The mineral content of the carious lesions in terms of elemental calcium (Ca), phosphorus (P), and the Ca/P ratio was assessed by energy dispersive spectroscopy (EDS) (Model 7426; Oxford Instruments, Oxford, UK) under SEM. The points used for elemental analysis were chosen in a region close to the microhardness indentations, and therefore the interval between successive points was also 25 μm.

The potential changes in the organic structure of the carious lesions were analyzed by Bio-Rad Fourier transform infrared spectroscopy (FTIR) (UMA 500, Bio-Rad Laboratories, Hercules, CA, USA) and calculated from the spectrally derived matrix-to-mineral ratio (the ratio of the integrated area of protein amide I absorbance from 1585 to 1720 cm-1 to that of phosphate [HPO42-] absorbance from 900 to 1200 cm-1). The spectra for the carious lesions were obtained through the average acquisition of data at the spatial resolution achieved with a 100 × 100 μm2 aperture over the lesions surfaces. The log value of the [amide I: HPO42-] absorbance ratio was used as an indicator of the extent of dentin demineralization due to the carious activity of the biofilm.

Statistical analysis

All of the data were assessed for a normal distribution using the Shapiro-Wilk test for normality (p > 0.05). The parametric t test was used to compare log CFU, relative microhardness, weight percentage of Ca and P, Ca/P ratio, and log [amide I: HPO42-] ratio between the test and control groups. All of the analyses were conducted using SPSS version 19 software (SPSS Inc., Chicago, Illinois, USA). A cutoff level of significance of 5% was chosen for all of the statistical analyses.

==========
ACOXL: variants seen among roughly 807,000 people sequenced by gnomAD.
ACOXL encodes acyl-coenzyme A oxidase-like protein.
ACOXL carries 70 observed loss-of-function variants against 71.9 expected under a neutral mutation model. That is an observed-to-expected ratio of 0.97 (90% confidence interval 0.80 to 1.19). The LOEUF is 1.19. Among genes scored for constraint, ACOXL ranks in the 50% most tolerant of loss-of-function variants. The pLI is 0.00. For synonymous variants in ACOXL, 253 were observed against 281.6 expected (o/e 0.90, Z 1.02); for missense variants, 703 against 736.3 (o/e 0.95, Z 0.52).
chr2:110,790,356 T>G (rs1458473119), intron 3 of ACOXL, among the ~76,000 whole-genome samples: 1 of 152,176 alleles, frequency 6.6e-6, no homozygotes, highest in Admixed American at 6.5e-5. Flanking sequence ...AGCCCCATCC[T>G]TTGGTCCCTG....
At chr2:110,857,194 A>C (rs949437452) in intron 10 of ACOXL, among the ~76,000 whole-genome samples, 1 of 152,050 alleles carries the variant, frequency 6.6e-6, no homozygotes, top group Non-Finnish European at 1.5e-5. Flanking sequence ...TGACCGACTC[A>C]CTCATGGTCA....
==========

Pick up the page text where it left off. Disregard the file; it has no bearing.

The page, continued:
Biofilm assessment

The growth kinetics (CFU) of total bacteria, Mutans Streptococci, Lactobacilli, and Actinomycetes in the test and control groups are shown in Table 1. The results of the total log CFU reveal that SDF inhibited the growth of all five bacteria on the carious dentin by the end of day 7, day 14, and day 21 (p < 0.01). At the end of day 7, the CFU in the test group dropped to low values (log CFU < 1) for all of the species. Although the log CFU increased over time, the values were significantly lower than those of the control group.

Table 1 Bacterial count (log CFUs) and red/green in test (SDF-treated) and control (n=10)

Bacteria could rarely be detected on the dentin surfaces in the test group (Figure 1a). Moreover, the dentinal tubule orifices were smaller in the test group than those in the control group (Figure 1b). Aggregates of bacteria were observed on the dentin surfaces by day 14 (Figure 1e); and there were partially occluded dentinal tubule orifices. A mono-layer of biofilm was found to cover the majority of the dentin block surfaces and the dentinal tubule orifices were occluded on day 21 (Figure 1i). The biofilm in the control group was confluent (Figure 1f and 1j). Three-dimensional CLSM images suggested a mixture of bacteria arranged in a complex, multi-layered structure. According to the morphology of the bacteria in the CLSM images, Lactobacilli dominated the upper layers (away from the substratum) of biofilm, Mutans Streptococci were commonly found in the lower layers (near the substratum), and more A. naeslundii were found in the transitional middle layers (data not shown). The red-to-green ratio, calculated from CLSM images, showed significantly higher ratios in the test group than in the control groups at the ends of days 7, 14, and 21 (Figure 1c,d,g,h,k,l and Table 1).

Figure 1
figure 1

SEM and CLSM images of test (SDF-treated) and control at days 7, 14, and 21.